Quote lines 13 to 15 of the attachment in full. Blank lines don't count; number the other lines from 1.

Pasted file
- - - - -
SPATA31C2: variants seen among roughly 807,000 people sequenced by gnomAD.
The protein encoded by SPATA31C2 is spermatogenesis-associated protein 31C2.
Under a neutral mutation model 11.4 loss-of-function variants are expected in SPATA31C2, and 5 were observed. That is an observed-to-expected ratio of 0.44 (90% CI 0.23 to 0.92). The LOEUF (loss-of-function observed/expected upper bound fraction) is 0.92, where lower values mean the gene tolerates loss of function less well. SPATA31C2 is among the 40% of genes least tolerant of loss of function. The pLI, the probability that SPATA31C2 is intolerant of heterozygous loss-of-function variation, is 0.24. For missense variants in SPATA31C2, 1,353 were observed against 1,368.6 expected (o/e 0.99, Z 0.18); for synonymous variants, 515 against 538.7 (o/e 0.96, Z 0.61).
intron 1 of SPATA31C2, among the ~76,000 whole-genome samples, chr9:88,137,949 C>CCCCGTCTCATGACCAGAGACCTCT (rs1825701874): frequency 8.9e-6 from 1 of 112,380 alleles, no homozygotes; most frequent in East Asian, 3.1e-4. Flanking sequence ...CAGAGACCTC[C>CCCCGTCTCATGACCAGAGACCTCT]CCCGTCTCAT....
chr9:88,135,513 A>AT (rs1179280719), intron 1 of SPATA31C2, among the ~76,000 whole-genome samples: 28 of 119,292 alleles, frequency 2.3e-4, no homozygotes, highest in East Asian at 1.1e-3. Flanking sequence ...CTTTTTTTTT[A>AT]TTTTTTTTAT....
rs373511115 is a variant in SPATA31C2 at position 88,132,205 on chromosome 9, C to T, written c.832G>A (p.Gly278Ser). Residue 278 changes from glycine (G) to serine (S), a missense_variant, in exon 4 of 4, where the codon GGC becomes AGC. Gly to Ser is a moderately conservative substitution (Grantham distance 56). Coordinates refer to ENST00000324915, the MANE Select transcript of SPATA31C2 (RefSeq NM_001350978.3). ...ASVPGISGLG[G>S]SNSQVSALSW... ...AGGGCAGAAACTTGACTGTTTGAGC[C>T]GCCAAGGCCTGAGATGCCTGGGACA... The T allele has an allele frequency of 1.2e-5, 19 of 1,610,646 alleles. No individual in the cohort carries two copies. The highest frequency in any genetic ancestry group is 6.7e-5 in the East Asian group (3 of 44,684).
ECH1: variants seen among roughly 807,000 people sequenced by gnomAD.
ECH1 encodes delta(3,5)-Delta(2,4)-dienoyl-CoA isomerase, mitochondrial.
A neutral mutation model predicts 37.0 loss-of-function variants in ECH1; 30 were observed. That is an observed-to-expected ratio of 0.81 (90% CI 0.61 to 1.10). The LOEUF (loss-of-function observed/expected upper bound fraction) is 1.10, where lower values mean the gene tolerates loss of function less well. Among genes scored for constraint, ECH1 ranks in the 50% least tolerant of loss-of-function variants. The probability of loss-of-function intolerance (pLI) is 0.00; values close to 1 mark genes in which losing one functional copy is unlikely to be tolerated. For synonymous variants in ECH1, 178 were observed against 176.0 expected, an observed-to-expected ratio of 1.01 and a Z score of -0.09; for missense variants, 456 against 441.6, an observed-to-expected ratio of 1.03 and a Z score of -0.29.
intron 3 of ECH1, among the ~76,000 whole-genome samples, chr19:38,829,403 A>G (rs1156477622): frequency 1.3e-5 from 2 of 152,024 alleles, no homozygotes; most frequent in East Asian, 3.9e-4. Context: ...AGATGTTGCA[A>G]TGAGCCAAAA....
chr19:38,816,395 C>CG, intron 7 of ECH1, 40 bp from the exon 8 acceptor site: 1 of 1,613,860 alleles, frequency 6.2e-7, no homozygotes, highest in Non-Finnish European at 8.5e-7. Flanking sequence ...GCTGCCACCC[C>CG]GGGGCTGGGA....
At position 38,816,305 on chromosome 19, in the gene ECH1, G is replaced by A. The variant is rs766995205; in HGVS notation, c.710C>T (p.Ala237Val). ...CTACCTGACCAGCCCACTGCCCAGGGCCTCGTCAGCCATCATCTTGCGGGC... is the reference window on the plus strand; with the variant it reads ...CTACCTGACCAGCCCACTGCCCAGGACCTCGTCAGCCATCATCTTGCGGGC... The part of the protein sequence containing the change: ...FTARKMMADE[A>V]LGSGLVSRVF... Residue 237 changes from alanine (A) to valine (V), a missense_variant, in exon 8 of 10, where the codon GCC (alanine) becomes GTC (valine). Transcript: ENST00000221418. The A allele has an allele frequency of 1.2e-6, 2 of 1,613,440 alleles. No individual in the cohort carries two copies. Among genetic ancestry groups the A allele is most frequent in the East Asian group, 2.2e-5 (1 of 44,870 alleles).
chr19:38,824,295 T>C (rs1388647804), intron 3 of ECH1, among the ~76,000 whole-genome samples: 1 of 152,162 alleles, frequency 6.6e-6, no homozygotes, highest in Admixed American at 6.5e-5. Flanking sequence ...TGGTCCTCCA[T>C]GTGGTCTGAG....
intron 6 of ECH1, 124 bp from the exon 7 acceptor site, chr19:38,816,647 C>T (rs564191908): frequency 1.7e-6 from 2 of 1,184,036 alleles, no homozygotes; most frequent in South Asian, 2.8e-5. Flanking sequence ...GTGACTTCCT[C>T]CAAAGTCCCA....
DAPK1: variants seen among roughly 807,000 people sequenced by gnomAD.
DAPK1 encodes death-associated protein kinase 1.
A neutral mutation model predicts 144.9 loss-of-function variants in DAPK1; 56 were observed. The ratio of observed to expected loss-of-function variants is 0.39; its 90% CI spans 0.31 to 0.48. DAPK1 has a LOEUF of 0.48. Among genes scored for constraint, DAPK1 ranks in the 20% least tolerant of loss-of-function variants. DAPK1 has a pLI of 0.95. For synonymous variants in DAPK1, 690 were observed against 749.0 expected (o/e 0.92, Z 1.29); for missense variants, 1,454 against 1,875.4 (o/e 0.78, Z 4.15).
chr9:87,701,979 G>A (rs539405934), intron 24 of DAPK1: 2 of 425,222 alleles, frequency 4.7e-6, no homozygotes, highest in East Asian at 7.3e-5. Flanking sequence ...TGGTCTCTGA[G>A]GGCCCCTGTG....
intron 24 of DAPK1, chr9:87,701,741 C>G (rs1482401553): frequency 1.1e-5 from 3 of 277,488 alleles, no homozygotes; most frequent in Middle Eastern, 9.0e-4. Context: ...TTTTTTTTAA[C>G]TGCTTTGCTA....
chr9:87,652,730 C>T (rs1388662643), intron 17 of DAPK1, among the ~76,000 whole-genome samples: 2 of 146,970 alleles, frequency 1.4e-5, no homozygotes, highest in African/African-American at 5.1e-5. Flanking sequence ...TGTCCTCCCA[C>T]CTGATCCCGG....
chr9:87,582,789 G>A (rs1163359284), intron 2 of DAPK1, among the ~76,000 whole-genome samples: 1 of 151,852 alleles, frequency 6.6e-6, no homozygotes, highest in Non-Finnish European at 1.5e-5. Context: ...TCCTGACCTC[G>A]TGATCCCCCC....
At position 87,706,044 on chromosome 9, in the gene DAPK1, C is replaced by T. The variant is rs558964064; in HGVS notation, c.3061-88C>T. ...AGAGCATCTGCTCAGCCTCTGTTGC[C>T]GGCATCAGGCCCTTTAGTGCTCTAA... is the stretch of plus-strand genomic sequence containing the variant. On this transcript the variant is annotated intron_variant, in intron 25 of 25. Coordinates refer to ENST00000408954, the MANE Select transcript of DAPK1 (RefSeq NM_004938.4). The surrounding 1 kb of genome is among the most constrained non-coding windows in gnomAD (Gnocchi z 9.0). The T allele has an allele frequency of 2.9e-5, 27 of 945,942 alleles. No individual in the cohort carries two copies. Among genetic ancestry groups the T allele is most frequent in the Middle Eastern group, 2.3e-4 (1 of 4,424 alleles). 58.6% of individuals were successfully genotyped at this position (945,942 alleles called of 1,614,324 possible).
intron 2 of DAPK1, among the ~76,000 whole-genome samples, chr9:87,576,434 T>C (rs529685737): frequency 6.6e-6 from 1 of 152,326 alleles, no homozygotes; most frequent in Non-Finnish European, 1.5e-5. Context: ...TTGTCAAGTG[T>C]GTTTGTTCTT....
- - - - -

chr19:38,824,295 T>C (rs1388647804), intron 3 of ECH1, among the ~76,000 whole-genome samples: 1 of 152,162 alleles, frequency 6.6e-6, no homozygotes, highest in Admixed American at 6.5e-5. Flanking sequence ...TGGTCCTCCA[T>C]GTGGTCTGAG....
intron 6 of ECH1, 124 bp from the exon 7 acceptor site, chr19:38,816,647 C>T (rs564191908): frequency 1.7e-6 from 2 of 1,184,036 alleles, no homozygotes; most frequent in South Asian, 2.8e-5. Flanking sequence ...GTGACTTCCT[C>T]CAAAGTCCCA....
DAPK1: variants seen among roughly 807,000 people sequenced by gnomAD.